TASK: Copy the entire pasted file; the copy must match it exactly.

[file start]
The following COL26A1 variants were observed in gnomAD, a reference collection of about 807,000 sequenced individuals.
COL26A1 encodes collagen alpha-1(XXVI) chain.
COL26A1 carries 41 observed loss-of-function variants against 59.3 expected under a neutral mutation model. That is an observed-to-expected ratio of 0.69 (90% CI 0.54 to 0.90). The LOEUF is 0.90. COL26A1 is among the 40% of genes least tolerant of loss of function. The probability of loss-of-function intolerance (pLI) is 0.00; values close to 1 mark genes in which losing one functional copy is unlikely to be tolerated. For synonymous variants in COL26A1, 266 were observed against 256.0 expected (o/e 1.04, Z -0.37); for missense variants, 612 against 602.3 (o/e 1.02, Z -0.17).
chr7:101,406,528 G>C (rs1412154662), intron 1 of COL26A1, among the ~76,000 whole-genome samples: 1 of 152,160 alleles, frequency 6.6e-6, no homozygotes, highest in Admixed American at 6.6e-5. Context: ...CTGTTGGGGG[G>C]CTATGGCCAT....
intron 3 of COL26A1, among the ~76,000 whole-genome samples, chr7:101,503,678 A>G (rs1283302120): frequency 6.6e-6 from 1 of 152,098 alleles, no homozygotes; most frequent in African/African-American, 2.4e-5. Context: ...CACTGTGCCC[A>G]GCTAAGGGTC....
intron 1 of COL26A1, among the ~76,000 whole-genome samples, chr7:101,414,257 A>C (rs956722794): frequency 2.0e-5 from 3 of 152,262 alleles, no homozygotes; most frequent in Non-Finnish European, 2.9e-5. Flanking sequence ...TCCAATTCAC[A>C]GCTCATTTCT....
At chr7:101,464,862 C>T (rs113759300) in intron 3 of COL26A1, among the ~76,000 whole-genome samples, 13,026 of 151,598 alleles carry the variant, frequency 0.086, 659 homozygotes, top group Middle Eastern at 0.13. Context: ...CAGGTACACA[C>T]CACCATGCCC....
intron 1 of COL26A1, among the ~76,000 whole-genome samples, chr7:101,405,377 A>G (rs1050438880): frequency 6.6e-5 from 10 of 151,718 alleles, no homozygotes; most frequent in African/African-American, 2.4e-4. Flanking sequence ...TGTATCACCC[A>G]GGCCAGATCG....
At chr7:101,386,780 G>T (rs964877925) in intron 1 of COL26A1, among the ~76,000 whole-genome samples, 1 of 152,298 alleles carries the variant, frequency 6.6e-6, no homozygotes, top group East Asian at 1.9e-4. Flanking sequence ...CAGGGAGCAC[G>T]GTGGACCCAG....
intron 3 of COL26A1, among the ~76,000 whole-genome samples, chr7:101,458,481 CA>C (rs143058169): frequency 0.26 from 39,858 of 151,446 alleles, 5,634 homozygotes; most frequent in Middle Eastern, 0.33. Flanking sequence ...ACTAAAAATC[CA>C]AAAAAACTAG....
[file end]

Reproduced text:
The following COL26A1 variants were observed in gnomAD, a reference collection of about 807,000 sequenced individuals.
COL26A1 encodes collagen alpha-1(XXVI) chain.
COL26A1 carries 41 observed loss-of-function variants against 59.3 expected under a neutral mutation model. That is an observed-to-expected ratio of 0.69 (90% CI 0.54 to 0.90). The LOEUF is 0.90. COL26A1 is among the 40% of genes least tolerant of loss of function. The probability of loss-of-function intolerance (pLI) is 0.00; values close to 1 mark genes in which losing one functional copy is unlikely to be tolerated. For synonymous variants in COL26A1, 266 were observed against 256.0 expected (o/e 1.04, Z -0.37); for missense variants, 612 against 602.3 (o/e 1.02, Z -0.17).
chr7:101,406,528 G>C (rs1412154662), intron 1 of COL26A1, among the ~76,000 whole-genome samples: 1 of 152,160 alleles, frequency 6.6e-6, no homozygotes, highest in Admixed American at 6.6e-5. Context: ...CTGTTGGGGG[G>C]CTATGGCCAT....
intron 3 of COL26A1, among the ~76,000 whole-genome samples, chr7:101,503,678 A>G (rs1283302120): frequency 6.6e-6 from 1 of 152,098 alleles, no homozygotes; most frequent in African/African-American, 2.4e-5. Context: ...CACTGTGCCC[A>G]GCTAAGGGTC....
intron 1 of COL26A1, among the ~76,000 whole-genome samples, chr7:101,414,257 A>C (rs956722794): frequency 2.0e-5 from 3 of 152,262 alleles, no homozygotes; most frequent in Non-Finnish European, 2.9e-5. Flanking sequence ...TCCAATTCAC[A>C]GCTCATTTCT....
At chr7:101,464,862 C>T (rs113759300) in intron 3 of COL26A1, among the ~76,000 whole-genome samples, 13,026 of 151,598 alleles carry the variant, frequency 0.086, 659 homozygotes, top group Middle Eastern at 0.13. Context: ...CAGGTACACA[C>T]CACCATGCCC....
intron 1 of COL26A1, among the ~76,000 whole-genome samples, chr7:101,405,377 A>G (rs1050438880): frequency 6.6e-5 from 10 of 151,718 alleles, no homozygotes; most frequent in African/African-American, 2.4e-4. Flanking sequence ...TGTATCACCC[A>G]GGCCAGATCG....
At chr7:101,386,780 G>T (rs964877925) in intron 1 of COL26A1, among the ~76,000 whole-genome samples, 1 of 152,298 alleles carries the variant, frequency 6.6e-6, no homozygotes, top group East Asian at 1.9e-4. Flanking sequence ...CAGGGAGCAC[G>T]GTGGACCCAG....
intron 3 of COL26A1, among the ~76,000 whole-genome samples, chr7:101,458,481 CA>C (rs143058169): frequency 0.26 from 39,858 of 151,446 alleles, 5,634 homozygotes; most frequent in Middle Eastern, 0.33. Flanking sequence ...ACTAAAAATC[CA>C]AAAAAACTAG....